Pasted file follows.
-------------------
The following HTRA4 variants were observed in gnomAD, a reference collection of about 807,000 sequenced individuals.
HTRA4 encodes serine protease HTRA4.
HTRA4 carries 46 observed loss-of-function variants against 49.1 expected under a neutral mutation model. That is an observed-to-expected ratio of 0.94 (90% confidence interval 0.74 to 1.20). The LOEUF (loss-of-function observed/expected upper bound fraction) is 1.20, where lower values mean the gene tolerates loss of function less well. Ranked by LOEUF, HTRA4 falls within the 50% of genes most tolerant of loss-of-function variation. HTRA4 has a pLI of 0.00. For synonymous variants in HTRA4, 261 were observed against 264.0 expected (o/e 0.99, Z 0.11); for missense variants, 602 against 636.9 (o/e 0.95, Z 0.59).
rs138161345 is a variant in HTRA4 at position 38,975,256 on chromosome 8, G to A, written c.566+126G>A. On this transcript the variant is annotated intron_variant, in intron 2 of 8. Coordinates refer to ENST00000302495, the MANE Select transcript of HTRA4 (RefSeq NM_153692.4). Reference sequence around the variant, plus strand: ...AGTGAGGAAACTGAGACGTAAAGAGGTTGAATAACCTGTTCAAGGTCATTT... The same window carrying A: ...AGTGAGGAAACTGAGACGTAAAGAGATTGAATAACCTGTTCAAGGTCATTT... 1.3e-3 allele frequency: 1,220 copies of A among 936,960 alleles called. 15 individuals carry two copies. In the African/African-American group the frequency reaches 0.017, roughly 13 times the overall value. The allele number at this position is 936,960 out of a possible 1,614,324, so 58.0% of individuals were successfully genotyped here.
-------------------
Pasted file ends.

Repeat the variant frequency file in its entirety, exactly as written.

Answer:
The following HTRA4 variants were observed in gnomAD, a reference collection of about 807,000 sequenced individuals.
HTRA4 encodes serine protease HTRA4.
HTRA4 carries 46 observed loss-of-function variants against 49.1 expected under a neutral mutation model. That is an observed-to-expected ratio of 0.94 (90% confidence interval 0.74 to 1.20). The LOEUF (loss-of-function observed/expected upper bound fraction) is 1.20, where lower values mean the gene tolerates loss of function less well. Ranked by LOEUF, HTRA4 falls within the 50% of genes most tolerant of loss-of-function variation. HTRA4 has a pLI of 0.00. For synonymous variants in HTRA4, 261 were observed against 264.0 expected (o/e 0.99, Z 0.11); for missense variants, 602 against 636.9 (o/e 0.95, Z 0.59).
rs138161345 is a variant in HTRA4 at position 38,975,256 on chromosome 8, G to A, written c.566+126G>A. On this transcript the variant is annotated intron_variant, in intron 2 of 8. Coordinates refer to ENST00000302495, the MANE Select transcript of HTRA4 (RefSeq NM_153692.4). Reference sequence around the variant, plus strand: ...AGTGAGGAAACTGAGACGTAAAGAGGTTGAATAACCTGTTCAAGGTCATTT... The same window carrying A: ...AGTGAGGAAACTGAGACGTAAAGAGATTGAATAACCTGTTCAAGGTCATTT... 1.3e-3 allele frequency: 1,220 copies of A among 936,960 alleles called. 15 individuals carry two copies. In the African/African-American group the frequency reaches 0.017, roughly 13 times the overall value. The allele number at this position is 936,960 out of a possible 1,614,324, so 58.0% of individuals were successfully genotyped here.